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From Where I Sit: A Gallery of Benches


In a recent Gumbo blog, Jonathan L. pointed out that travelers (and locals) need a place to rest from time to time while visiting or going about daily life...and part of the need is what's called—logically—street furniture.

(Above, a Cuban couple eye each other shyly on a park bench;
below, this bench is in Mexico City's Alameda Park)


Often it goes pretty much unnoticed, and often it's not anything to write home about (literally) but if you keep your eyes open, quite a few places have put a real effort into benches that are sometimes comfortable, sometimes artistic, sometimes strange, and sometimes...a bit of all of these.

DSC00157 Wrought iron bench in Jeres, typical of a number of Andalucian cities

When I began to travel as an adult, I didn't use these public benches that much—too busy rushing around to stop and sit. My wife, then an even-less-experienced traveler than I, put an end to that. We were walking across the Tuileries gardens in Paris, on a hot August day, and she spotted chairs and benches in a shaded grove and headed for them. I argued, she won, by pointing out that if I really wanted to experience Paris I should try what every Parisian in sight was doing: sitting, letting a little of the world go by, and observing each other. As so often, her insight has become a pattern of our travel.


DSC00342 In the Alcazar of Seville

Most of these pictures are from my own wanderings, supplemented with pictures by others. My travels are mostly Euro-focused...I'd love to see more benches from other parts of the world. When looked at side-by-side, the mundane can become special.


Rustic benches in Rachel Carson National Wildlife Refuge, Maine



Surrounding a tree in a Budapest park, just off Deak Ter


Stone and iron in Seville's Plaza de la Virgen de los Reyes



No dinosaurs in sight in Middlefield CT; it might be a long wait on the bench


A brick bench offers a rest on the climb to the Alhambra in Granada, Spain


Not actually a bench, but the Lutheran church offers a rest with the slogan
"Thank God it's Sunday!

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mexico 033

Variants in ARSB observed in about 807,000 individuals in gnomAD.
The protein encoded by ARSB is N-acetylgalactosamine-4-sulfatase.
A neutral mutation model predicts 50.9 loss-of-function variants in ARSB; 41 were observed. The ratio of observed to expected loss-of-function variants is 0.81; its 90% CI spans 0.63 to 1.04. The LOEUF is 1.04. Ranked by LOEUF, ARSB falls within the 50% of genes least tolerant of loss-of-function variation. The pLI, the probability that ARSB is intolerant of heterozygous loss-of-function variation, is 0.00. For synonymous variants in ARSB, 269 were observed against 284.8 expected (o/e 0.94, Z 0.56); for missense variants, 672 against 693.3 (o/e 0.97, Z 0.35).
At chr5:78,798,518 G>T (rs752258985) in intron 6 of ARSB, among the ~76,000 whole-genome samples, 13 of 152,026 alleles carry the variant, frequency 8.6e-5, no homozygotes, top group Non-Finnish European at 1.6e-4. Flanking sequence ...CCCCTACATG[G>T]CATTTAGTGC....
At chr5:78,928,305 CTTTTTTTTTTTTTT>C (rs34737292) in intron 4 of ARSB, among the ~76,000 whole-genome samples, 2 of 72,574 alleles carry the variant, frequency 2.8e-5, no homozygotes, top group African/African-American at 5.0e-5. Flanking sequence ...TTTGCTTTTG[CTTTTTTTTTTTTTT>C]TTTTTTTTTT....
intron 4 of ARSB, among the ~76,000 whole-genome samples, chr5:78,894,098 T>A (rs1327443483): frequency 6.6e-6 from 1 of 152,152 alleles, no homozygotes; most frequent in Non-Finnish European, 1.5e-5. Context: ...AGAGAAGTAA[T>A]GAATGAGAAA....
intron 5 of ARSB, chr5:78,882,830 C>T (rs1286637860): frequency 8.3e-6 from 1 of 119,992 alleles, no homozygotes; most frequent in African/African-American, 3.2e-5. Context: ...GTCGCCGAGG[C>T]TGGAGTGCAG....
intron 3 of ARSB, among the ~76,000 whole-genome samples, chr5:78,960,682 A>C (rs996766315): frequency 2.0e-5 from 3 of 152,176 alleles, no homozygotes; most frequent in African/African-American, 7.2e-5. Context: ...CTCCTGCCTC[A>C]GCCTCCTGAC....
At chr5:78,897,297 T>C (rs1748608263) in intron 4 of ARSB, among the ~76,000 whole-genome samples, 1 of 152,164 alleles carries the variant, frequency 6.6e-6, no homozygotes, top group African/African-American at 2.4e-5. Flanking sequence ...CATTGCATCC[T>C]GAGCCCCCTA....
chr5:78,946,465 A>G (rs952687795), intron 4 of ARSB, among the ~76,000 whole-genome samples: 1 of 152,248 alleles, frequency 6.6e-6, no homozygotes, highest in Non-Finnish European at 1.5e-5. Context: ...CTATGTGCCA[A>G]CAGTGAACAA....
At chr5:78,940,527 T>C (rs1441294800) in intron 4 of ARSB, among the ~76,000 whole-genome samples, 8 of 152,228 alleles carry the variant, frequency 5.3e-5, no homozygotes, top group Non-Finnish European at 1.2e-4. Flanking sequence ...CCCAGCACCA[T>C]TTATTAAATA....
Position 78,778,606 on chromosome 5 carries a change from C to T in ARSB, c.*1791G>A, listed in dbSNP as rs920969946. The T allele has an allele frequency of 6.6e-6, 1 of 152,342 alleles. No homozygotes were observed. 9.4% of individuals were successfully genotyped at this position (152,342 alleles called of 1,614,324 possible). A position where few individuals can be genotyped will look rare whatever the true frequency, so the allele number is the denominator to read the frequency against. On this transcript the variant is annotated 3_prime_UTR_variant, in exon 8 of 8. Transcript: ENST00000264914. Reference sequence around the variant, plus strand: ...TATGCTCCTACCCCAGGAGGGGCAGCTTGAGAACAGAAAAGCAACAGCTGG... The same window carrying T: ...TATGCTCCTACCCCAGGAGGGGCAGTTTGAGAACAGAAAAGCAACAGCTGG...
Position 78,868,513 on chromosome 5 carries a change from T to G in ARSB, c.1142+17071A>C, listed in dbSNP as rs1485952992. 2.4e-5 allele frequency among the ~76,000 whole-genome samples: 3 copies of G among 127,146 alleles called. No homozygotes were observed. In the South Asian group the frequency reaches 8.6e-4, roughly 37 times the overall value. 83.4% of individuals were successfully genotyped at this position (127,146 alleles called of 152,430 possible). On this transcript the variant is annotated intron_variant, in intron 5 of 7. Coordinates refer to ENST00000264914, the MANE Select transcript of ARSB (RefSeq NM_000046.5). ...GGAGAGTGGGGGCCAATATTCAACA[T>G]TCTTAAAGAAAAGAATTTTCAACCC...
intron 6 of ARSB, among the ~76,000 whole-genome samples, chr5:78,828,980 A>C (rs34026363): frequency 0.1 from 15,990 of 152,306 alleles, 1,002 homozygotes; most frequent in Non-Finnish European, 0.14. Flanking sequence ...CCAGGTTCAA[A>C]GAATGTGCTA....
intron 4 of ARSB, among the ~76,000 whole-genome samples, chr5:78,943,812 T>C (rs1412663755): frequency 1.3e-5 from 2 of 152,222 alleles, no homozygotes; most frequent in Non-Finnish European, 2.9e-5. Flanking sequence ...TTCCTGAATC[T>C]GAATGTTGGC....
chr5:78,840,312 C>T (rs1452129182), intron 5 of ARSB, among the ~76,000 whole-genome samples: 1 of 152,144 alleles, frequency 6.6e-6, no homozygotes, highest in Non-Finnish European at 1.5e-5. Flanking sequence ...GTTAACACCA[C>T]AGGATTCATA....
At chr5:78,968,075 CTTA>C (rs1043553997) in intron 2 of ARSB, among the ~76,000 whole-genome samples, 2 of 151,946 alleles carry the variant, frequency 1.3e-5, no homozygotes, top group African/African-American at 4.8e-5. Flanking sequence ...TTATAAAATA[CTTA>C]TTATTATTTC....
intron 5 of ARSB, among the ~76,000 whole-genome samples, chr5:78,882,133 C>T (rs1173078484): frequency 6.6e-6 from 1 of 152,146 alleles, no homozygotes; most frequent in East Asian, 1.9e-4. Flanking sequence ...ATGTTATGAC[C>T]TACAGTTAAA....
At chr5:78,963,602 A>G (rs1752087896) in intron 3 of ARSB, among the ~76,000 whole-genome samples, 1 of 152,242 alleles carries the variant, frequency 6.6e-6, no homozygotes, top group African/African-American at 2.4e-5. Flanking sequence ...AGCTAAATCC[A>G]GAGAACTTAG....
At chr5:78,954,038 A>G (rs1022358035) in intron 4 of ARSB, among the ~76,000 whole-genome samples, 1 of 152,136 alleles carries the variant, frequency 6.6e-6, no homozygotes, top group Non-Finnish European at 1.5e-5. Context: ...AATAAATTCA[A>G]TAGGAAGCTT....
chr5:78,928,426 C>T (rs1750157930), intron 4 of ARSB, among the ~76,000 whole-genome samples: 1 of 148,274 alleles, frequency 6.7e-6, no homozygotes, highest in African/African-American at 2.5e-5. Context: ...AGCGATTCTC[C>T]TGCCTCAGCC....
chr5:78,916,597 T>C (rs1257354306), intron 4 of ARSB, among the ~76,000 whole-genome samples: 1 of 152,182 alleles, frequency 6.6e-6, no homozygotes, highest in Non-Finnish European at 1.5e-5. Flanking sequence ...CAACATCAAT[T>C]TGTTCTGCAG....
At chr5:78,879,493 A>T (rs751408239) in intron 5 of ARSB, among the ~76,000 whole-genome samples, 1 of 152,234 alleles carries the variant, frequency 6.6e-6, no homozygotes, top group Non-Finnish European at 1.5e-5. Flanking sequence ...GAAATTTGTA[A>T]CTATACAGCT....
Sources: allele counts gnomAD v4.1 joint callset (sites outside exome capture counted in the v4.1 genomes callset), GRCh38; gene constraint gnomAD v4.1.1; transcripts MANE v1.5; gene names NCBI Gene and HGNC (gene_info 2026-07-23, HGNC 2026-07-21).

These two benches in Mexico (above in the Palacio de Bellas Artes in Mexico City and below at Cuernavaca's cathedral) offer a chance to contemplate art.

Sometimes, of course, the benches themselves can be art. The first two below are in Barcelona's Parc Guell, designed by Antonio Gaudi; the other is on the Via Laetana in downtown Barcelona, where many moderniste touches can be found.




Speaking of art, here are a few benches where you'll have to share your seat with a companion who may seem a bit brassy (sorry!)


Near Oslo's main government buildings


"The Secret," by Lea Vivot, near Montreal's McGill University campus


In Kiev, you'll have to squeeze in with the late comic actor Nikolas Yakovchenko

and his faithful dachshund

Memorials for comedians are not the only place for humor from the bench:
Wonder what that company does? The stone seating below is in Nashville's
Centennial Park, in company with others commending Accounting, Railroad
and more early 20th-century virtues.





Here are some more benches that have attempted to "break the mold."


In a shopping area of Darmstadt, Germany

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In Albstadt, Germany


and a possibly not-too-comfortable but stylish effort in Berlin


And an ornate, but more traditional design from Paris.

Not only humans need a place to rest for a while; here is a flock of pigeons
"en banc" in the garden of the Musee Rodin in Paris.



And Italian journalist Indro Montanelli taking a break on a stack of bronze newspapers in a park named for him in Milan. Or no break: note the typewriter

Two resting places in the National Garden in Athens, just below Syntagma Square,
the Parliament and old Royal Residence




Sometimes an indoor stop is just the thing in heat or rain, and churches are usually easy to find. These pews are in the choir area of the Cathedral of Cordoba

And sometimes the view alone is a good argument for a bench. These below are in the
old fortress of Aqaba in Jordan, on the waterfront in Montevideo, Uruguay,
and in Ljubljana, Slovenia





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The best part of every trip is realizing that it has upset your expectations

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